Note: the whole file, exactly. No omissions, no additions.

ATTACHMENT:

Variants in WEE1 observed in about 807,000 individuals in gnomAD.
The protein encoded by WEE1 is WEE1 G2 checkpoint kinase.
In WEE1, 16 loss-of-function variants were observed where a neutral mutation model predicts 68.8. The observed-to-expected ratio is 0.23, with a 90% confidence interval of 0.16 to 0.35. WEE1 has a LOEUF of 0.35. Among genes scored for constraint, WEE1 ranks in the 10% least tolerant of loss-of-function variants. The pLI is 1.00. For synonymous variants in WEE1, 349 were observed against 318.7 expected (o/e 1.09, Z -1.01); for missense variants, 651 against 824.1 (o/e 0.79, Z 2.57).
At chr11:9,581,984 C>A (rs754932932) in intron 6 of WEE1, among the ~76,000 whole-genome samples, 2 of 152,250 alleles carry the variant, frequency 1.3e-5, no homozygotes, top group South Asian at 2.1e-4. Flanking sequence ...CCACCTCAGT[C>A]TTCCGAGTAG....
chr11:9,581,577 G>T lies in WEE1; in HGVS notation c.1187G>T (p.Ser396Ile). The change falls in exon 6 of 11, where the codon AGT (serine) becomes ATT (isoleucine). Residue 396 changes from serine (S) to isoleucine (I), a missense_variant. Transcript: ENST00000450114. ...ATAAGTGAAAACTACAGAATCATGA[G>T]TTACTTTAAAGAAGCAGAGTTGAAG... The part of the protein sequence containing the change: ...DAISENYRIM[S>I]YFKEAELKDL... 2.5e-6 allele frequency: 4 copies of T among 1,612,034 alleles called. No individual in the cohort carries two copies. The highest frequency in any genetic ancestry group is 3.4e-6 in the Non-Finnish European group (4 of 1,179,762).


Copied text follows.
Variants in WEE1 observed in about 807,000 individuals in gnomAD.
The protein encoded by WEE1 is WEE1 G2 checkpoint kinase.
In WEE1, 16 loss-of-function variants were observed where a neutral mutation model predicts 68.8. The observed-to-expected ratio is 0.23, with a 90% confidence interval of 0.16 to 0.35. WEE1 has a LOEUF of 0.35. Among genes scored for constraint, WEE1 ranks in the 10% least tolerant of loss-of-function variants. The pLI is 1.00. For synonymous variants in WEE1, 349 were observed against 318.7 expected (o/e 1.09, Z -1.01); for missense variants, 651 against 824.1 (o/e 0.79, Z 2.57).
At chr11:9,581,984 C>A (rs754932932) in intron 6 of WEE1, among the ~76,000 whole-genome samples, 2 of 152,250 alleles carry the variant, frequency 1.3e-5, no homozygotes, top group South Asian at 2.1e-4. Flanking sequence ...CCACCTCAGT[C>A]TTCCGAGTAG....
chr11:9,581,577 G>T lies in WEE1; in HGVS notation c.1187G>T (p.Ser396Ile). The change falls in exon 6 of 11, where the codon AGT (serine) becomes ATT (isoleucine). Residue 396 changes from serine (S) to isoleucine (I), a missense_variant. Transcript: ENST00000450114. ...ATAAGTGAAAACTACAGAATCATGA[G>T]TTACTTTAAAGAAGCAGAGTTGAAG... The part of the protein sequence containing the change: ...DAISENYRIM[S>I]YFKEAELKDL... 2.5e-6 allele frequency: 4 copies of T among 1,612,034 alleles called. No individual in the cohort carries two copies. The highest frequency in any genetic ancestry group is 3.4e-6 in the Non-Finnish European group (4 of 1,179,762).